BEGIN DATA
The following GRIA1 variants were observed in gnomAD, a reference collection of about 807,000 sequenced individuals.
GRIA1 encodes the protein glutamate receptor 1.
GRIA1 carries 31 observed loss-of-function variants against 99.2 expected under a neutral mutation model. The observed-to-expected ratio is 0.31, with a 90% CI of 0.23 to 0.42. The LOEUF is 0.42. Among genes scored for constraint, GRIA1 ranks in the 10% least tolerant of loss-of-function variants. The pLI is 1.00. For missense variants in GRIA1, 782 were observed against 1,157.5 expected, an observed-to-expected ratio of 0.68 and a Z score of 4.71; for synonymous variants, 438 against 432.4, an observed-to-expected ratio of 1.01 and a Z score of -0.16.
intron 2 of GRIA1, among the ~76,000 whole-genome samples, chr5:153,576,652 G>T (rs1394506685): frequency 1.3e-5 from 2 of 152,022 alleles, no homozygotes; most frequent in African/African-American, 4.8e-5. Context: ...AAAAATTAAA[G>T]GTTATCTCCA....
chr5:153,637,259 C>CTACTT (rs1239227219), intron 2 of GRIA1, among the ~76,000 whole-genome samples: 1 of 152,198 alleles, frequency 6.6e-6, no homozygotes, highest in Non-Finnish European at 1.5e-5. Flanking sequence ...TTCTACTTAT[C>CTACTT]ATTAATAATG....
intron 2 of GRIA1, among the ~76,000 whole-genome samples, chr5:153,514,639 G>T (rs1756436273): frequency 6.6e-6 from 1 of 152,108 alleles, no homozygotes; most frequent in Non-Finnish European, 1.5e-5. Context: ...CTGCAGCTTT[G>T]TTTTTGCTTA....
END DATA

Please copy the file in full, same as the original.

The following GRIA1 variants were observed in gnomAD, a reference collection of about 807,000 sequenced individuals.
GRIA1 encodes the protein glutamate receptor 1.
GRIA1 carries 31 observed loss-of-function variants against 99.2 expected under a neutral mutation model. The observed-to-expected ratio is 0.31, with a 90% CI of 0.23 to 0.42. The LOEUF is 0.42. Among genes scored for constraint, GRIA1 ranks in the 10% least tolerant of loss-of-function variants. The pLI is 1.00. For missense variants in GRIA1, 782 were observed against 1,157.5 expected, an observed-to-expected ratio of 0.68 and a Z score of 4.71; for synonymous variants, 438 against 432.4, an observed-to-expected ratio of 1.01 and a Z score of -0.16.
intron 2 of GRIA1, among the ~76,000 whole-genome samples, chr5:153,576,652 G>T (rs1394506685): frequency 1.3e-5 from 2 of 152,022 alleles, no homozygotes; most frequent in African/African-American, 4.8e-5. Context: ...AAAAATTAAA[G>T]GTTATCTCCA....
chr5:153,637,259 C>CTACTT (rs1239227219), intron 2 of GRIA1, among the ~76,000 whole-genome samples: 1 of 152,198 alleles, frequency 6.6e-6, no homozygotes, highest in Non-Finnish European at 1.5e-5. Flanking sequence ...TTCTACTTAT[C>CTACTT]ATTAATAATG....
intron 2 of GRIA1, among the ~76,000 whole-genome samples, chr5:153,514,639 G>T (rs1756436273): frequency 6.6e-6 from 1 of 152,108 alleles, no homozygotes; most frequent in Non-Finnish European, 1.5e-5. Context: ...CTGCAGCTTT[G>T]TTTTTGCTTA....